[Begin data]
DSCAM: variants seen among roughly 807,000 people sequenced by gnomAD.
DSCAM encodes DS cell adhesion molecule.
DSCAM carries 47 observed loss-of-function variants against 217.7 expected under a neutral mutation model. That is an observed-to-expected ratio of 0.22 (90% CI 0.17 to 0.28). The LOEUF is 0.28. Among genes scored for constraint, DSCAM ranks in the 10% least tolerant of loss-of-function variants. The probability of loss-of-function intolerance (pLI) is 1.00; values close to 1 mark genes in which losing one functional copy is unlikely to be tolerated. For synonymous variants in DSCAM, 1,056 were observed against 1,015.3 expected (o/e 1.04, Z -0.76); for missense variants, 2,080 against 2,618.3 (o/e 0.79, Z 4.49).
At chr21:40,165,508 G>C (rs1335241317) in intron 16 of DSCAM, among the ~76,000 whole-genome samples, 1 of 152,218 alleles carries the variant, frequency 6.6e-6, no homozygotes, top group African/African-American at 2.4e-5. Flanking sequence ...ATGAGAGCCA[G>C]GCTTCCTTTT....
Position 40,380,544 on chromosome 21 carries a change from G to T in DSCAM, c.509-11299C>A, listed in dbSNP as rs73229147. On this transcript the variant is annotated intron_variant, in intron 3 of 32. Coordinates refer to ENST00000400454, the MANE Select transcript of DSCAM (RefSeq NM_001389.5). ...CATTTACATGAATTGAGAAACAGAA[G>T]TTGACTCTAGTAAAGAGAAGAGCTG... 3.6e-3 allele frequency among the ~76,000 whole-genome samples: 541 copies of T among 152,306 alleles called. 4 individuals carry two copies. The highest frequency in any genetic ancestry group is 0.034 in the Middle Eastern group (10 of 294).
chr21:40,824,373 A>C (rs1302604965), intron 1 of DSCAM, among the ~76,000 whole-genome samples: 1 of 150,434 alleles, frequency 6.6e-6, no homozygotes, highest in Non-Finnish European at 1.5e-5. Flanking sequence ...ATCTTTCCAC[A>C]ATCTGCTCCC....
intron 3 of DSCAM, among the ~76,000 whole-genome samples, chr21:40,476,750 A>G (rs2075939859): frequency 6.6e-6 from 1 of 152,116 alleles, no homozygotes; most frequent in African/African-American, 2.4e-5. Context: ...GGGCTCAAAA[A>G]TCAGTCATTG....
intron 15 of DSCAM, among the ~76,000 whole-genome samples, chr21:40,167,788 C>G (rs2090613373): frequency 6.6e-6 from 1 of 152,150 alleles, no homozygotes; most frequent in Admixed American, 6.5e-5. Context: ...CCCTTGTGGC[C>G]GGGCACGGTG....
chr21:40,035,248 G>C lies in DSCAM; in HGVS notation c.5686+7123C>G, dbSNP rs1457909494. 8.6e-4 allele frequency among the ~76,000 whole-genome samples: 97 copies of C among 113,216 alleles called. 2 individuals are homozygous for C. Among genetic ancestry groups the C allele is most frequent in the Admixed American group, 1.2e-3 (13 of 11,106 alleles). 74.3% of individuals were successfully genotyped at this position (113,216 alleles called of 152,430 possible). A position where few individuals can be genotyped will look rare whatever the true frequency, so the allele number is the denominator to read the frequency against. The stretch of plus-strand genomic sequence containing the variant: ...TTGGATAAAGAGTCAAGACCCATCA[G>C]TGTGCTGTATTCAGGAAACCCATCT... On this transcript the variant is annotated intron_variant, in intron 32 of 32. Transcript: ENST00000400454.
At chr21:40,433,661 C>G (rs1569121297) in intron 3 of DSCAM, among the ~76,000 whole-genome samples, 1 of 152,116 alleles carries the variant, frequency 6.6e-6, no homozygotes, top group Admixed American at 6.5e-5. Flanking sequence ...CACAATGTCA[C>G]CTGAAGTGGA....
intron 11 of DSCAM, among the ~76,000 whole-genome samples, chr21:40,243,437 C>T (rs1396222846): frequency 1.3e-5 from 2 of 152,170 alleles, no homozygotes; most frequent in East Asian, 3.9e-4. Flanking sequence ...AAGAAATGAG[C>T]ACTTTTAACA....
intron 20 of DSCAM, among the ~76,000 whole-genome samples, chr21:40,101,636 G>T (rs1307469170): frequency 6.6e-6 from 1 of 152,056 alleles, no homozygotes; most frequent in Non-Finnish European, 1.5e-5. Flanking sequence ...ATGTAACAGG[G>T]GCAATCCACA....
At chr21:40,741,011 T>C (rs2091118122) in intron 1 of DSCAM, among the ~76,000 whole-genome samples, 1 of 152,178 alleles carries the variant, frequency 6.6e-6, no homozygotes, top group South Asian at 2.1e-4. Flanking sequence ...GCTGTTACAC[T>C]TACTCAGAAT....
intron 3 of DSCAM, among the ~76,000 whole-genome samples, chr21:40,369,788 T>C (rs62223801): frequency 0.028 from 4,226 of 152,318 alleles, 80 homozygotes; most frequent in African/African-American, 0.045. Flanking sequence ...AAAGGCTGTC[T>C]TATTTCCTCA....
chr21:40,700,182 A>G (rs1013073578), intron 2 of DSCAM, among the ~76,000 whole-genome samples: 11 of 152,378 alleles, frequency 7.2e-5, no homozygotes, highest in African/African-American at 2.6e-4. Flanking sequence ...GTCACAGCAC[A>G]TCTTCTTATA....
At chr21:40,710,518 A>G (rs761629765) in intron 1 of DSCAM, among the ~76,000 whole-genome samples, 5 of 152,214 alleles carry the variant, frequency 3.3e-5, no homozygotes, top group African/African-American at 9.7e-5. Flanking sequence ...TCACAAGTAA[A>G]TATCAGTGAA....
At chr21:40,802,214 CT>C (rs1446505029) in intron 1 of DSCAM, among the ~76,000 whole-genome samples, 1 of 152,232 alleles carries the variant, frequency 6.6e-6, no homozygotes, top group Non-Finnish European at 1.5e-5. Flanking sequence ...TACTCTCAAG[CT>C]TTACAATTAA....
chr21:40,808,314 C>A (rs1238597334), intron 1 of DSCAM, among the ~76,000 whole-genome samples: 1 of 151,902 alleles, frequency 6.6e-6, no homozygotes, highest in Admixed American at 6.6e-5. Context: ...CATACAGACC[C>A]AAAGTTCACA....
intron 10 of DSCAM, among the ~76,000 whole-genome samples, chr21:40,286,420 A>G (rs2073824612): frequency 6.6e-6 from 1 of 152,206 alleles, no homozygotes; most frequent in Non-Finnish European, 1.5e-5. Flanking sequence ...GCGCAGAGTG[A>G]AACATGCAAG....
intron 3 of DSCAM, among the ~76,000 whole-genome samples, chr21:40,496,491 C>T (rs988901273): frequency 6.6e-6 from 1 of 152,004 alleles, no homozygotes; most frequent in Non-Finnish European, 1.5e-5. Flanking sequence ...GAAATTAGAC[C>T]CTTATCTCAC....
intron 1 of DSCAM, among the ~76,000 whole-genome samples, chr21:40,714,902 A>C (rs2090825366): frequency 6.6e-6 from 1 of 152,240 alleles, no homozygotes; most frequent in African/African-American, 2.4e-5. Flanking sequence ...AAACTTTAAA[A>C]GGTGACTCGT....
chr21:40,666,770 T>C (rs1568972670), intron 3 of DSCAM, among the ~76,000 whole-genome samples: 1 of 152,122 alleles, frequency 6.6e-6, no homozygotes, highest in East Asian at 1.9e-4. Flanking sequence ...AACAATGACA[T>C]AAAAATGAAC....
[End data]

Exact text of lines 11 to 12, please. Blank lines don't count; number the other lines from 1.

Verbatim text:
intron 11 of DSCAM, among the ~76,000 whole-genome samples, chr21:40,243,437 C>T (rs1396222846): frequency 1.3e-5 from 2 of 152,170 alleles, no homozygotes; most frequent in East Asian, 3.9e-4. Flanking sequence ...AAGAAATGAG[C>T]ACTTTTAACA....
intron 20 of DSCAM, among the ~76,000 whole-genome samples, chr21:40,101,636 G>T (rs1307469170): frequency 6.6e-6 from 1 of 152,056 alleles, no homozygotes; most frequent in Non-Finnish European, 1.5e-5. Flanking sequence ...ATGTAACAGG[G>T]GCAATCCACA....